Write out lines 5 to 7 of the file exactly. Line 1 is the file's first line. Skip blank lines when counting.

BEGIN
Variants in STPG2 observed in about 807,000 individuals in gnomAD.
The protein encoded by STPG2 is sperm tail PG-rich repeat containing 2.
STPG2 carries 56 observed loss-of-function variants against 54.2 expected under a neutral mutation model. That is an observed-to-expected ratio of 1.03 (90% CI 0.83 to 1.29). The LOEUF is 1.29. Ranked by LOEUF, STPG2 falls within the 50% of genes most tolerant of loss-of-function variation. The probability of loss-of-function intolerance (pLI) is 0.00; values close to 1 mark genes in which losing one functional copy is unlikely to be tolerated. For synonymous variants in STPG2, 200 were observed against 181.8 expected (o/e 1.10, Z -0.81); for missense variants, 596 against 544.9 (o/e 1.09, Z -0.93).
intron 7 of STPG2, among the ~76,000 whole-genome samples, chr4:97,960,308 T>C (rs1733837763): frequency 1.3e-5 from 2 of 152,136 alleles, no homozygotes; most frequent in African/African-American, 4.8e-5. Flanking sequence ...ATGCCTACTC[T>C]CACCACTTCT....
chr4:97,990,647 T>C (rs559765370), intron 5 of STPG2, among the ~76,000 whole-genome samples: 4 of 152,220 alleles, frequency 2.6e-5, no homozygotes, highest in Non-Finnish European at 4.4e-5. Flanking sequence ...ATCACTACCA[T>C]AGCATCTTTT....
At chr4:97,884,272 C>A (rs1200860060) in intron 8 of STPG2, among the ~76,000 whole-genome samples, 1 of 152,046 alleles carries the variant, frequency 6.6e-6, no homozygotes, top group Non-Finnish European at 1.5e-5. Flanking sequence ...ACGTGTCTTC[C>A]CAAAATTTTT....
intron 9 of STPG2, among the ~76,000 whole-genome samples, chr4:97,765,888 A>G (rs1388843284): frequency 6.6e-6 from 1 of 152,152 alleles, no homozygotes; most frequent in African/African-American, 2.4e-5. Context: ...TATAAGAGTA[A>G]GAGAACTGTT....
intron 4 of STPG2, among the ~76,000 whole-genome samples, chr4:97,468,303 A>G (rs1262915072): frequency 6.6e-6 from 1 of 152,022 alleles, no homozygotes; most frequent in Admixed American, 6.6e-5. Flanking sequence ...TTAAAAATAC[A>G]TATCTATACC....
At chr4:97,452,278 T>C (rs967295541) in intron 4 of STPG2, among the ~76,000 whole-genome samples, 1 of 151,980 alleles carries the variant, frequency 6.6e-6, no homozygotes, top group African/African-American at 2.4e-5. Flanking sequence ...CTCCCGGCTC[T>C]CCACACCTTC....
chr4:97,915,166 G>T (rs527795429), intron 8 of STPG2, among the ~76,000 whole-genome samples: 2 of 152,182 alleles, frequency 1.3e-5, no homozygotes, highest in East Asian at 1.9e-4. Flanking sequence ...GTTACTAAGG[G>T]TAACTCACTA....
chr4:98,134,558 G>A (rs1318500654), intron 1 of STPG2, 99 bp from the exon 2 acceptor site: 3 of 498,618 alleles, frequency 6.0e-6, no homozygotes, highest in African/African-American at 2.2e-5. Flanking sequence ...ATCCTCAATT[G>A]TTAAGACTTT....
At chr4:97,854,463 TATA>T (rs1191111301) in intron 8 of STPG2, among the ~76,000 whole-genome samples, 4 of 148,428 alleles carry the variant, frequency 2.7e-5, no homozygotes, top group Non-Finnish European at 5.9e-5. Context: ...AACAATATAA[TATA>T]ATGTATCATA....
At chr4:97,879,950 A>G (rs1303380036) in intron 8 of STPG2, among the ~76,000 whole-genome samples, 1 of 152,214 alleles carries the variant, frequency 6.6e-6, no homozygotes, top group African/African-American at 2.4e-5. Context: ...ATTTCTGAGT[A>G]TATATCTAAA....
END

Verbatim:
chr4:97,990,647 T>C (rs559765370), intron 5 of STPG2, among the ~76,000 whole-genome samples: 4 of 152,220 alleles, frequency 2.6e-5, no homozygotes, highest in Non-Finnish European at 4.4e-5. Flanking sequence ...ATCACTACCA[T>C]AGCATCTTTT....
At chr4:97,884,272 C>A (rs1200860060) in intron 8 of STPG2, among the ~76,000 whole-genome samples, 1 of 152,046 alleles carries the variant, frequency 6.6e-6, no homozygotes, top group Non-Finnish European at 1.5e-5. Flanking sequence ...ACGTGTCTTC[C>A]CAAAATTTTT....
intron 9 of STPG2, among the ~76,000 whole-genome samples, chr4:97,765,888 A>G (rs1388843284): frequency 6.6e-6 from 1 of 152,152 alleles, no homozygotes; most frequent in African/African-American, 2.4e-5. Context: ...TATAAGAGTA[A>G]GAGAACTGTT....